In the process, as the towns and hamlets in Assam burnt and unfortunately these led to indiscriminate and unprecedented exodus of northeast tribals from across the country, none seemed to be trying to reach at the root of the cause of the conflicts.

The issue is never a Hindu-Muslim conflict as the political class would like to paint. The illegal immigration is definitely one of the major issues, ironically admitted by the then Home Minister P Chidambaram.

But there are other factors too for the anguish amongst Bodos. One such crucial reason is alleged step-motherly treatment of Bodos and Bodo areas by Assam government and of course the “demand for linguistic rights” of the Bodo Kacharis.

Thus, it was proved for once that the “language is the chief” and the most favourite saleable political issue in Assam or for that matter in the region.
“Ironically, the same yardstick of New Delhi’s elder brotherly attitude and exploitation, which helped fan agitation in Assam, was being used for a Bodo cause against the “local state government and the seat of power” --- earlier Shillong (then a capital of united Assam) and later on Dispur,” says my book,'The Talking Guns: North East India’ (Manas Publications).

Thus, in more ways than one, it is ironical that Bodos today find themselves caught in a quagmire kind situation against Bengali-speaking Muslims. This was perhaps never their goal.

All along, since 1967, when Plains Tribal Council of Assam came into being, Bodos are actually in a war-like situation against both New Delhi and Dispur (Guwahati) for their own rights. The complain against Assam government for trying to impose an Assamese hegemony only got a major bolster when in 1986 the state government committed a blunder by imposing Assamese as the compulsory third language upon non-Assamese students. The circular Assam Board of Secondary Education on February 18, 1986 imposing Assamese language as compulsory third language though was withdrawn after protest it had left a far-reaching damage beyond a point of repair.

In 1986, under late Upendra Nath Brahma, influential All Bodo Students Union (ABSU) gave a momentum to Bodo movement and later the apex Bodo People’s Action Committee (BPAC) in the four-day annual conference between 19th and 22nd December 1988, at Basbari instead of a union territory demand made a demand for a separate state. A group of youth had gone underground and floated militant organisation. It was truly beginning of yet another phase of Assam’s spate with violence.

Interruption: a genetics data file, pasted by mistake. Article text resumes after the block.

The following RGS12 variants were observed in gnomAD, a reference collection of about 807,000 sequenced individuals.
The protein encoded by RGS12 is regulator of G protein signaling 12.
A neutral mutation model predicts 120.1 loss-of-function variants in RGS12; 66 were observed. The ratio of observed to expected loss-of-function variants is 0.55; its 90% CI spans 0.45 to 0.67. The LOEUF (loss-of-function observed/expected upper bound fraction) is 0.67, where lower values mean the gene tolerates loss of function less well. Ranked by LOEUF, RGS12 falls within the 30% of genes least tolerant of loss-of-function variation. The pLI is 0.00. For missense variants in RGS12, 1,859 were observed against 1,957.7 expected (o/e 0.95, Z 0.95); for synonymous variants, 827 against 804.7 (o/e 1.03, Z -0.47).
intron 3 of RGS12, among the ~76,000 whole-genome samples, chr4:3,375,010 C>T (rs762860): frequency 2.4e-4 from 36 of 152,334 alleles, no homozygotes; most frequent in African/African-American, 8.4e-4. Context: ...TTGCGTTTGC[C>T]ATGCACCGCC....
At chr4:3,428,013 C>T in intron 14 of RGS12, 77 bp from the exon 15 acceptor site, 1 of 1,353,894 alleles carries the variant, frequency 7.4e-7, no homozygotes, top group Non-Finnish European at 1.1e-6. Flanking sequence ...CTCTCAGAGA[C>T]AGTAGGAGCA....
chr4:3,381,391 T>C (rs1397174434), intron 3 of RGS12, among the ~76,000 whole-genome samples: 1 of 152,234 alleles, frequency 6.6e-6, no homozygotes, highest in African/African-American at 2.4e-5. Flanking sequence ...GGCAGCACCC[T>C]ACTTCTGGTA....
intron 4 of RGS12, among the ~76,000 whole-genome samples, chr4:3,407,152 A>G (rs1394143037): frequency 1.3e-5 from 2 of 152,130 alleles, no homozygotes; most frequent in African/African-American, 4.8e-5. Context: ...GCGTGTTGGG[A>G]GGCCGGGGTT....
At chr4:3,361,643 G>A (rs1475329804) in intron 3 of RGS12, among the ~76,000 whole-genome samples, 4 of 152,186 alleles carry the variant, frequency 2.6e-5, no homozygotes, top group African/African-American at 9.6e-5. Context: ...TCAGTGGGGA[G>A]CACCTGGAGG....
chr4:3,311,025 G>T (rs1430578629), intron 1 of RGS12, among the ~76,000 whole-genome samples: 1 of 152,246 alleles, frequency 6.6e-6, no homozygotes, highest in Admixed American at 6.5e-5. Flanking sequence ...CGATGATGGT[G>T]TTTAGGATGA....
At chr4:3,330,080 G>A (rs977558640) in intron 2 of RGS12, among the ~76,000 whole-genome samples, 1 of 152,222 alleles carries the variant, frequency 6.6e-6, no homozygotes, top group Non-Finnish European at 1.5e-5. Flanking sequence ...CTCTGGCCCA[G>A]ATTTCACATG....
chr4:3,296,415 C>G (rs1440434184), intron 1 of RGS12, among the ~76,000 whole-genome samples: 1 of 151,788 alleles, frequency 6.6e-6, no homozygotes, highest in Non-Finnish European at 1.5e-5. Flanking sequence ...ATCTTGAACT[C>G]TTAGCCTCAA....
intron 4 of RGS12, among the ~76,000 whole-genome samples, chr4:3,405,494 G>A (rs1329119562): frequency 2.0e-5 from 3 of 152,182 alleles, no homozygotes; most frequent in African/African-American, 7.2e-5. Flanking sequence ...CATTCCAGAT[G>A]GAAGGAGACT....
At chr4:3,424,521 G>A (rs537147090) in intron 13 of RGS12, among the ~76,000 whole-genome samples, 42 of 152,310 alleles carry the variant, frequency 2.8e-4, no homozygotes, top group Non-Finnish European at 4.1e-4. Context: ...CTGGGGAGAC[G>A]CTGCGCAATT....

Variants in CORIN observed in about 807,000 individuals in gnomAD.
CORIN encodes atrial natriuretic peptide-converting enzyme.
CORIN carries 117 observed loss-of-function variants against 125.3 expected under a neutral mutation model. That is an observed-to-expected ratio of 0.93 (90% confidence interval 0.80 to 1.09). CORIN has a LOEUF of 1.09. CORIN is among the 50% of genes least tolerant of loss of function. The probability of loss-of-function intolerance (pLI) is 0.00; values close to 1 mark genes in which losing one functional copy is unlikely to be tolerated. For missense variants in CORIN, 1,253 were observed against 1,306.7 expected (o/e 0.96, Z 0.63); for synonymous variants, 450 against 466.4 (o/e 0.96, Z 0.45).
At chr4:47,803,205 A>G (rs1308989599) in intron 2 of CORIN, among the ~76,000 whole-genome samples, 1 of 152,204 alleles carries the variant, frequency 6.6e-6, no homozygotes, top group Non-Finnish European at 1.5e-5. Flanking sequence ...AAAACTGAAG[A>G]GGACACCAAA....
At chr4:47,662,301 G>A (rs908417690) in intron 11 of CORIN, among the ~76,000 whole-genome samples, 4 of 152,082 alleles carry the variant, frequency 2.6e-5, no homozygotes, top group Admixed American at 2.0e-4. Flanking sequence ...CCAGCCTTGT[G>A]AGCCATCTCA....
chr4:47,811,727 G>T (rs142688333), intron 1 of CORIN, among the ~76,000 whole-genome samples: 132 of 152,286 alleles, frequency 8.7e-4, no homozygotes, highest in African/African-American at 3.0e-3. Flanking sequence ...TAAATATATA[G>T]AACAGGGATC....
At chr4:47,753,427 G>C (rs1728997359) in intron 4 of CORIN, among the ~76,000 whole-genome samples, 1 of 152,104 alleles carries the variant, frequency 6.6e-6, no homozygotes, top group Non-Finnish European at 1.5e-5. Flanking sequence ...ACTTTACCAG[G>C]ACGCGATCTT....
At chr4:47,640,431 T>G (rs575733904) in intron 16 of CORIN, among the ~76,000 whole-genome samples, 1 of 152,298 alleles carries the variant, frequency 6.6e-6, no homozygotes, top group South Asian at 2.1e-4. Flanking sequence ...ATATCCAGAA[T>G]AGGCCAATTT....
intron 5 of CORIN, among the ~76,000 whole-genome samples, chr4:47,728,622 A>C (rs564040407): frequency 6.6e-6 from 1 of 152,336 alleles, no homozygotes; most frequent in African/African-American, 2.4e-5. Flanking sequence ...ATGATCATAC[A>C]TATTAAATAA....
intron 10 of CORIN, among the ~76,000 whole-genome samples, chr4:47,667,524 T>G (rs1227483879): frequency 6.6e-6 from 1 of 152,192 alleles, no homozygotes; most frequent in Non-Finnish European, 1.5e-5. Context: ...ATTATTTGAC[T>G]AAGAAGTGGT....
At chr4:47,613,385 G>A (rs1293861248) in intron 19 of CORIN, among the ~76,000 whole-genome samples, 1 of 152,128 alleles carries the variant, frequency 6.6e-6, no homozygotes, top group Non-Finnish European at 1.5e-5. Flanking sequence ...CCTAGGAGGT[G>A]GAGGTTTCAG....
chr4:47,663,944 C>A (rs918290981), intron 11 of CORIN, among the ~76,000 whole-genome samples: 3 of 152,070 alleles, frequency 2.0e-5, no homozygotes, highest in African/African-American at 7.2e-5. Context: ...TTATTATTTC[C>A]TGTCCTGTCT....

The Bodos are tribal from the plains. Most of them are either Hindus or Christians and account for about 10 percent of Assam's about 3 crore people.

The Bodos started making headlines in national media but for all wrong reasons.

But, undoubtedly the clashes of July 2012 had left people amazed especially by the scale of it. As the hamlets burnt and people were either killed --- over 70 deaths confirmed - and the body count has been rising, officials as well as locals are unable to define whether this is ethnic strife, communal violence between Hindu Bodos and Bengali Muslims or simply a turf war over land.

Besides Muslim appeasement, the UPA government in the cente and Gogoi administration in Assam failed to initiate timely action.

But th political class and Muslim leadership for reasons obious got busy in turning the Bodo battle against 'influx' as tribal-Muslim warcry. From Badruddin Ajmal to Hyderabad MP Asaduddin Owaisi the refrain has been that the violence that have claimed over 70 lives and rendered lakhs homeless was a Bodo(read tribal)-Muslim conflict.

That’s a sad paradox. Northeast watchers say perhaps this is the single biggest factor that sparked off unprecedented exodus of “north east people” from across the country. The lopsided handling of Mumbai violence and letting the real wrong doers scot free have done more damage.

Friday, August 3, 2012

Question Hour: Mr Prime Minister are u ready?

1.Which Prime Minister sacrificed his Railway Minister despite endorsing his budget and that too in the middle of budget session?

2. Which government stoked Telangana fire?

3. Which govt. led Nagas and Meiteis to clash over visit of a Naga leader to his native village?

4. Which PM says “I m not astrologer” for problems like inflation?

5. Which PM blames coalition politics for corruption under his nose?

6. Which PM says “to err is human” when Muslim Minister A R Antulay says deaths of Mumbai top cops in 26/11 was due to “Terrorism plus factor”?

7. Which PM tries blaming his former Finance Minster for financial hara-kiri within days of the latter’s resignation to be ruling dispensation’s Presidential candidate?

8. Which PM rewards Power Minister on the day of darkness in 20 states to be country's Home Minister?

9. Which PM goes for a SAARC Summit and signs bilateral accord with Pakistan on Baluchistan?

10. Which PM looks the other way, when his Home Minister says - ice cream by middle class is a luxury ?

11. Under which government, aviation industry nosedived, Air India turned from ‘Maharaja’ to a pauper?

12. Under whose Government, 20 states crippled by unprecedented power failure for long hours --- July 30 and July 31 (2012) ?

Pls add up from yr end or ‘minus’ : with additional comments? No prizes please.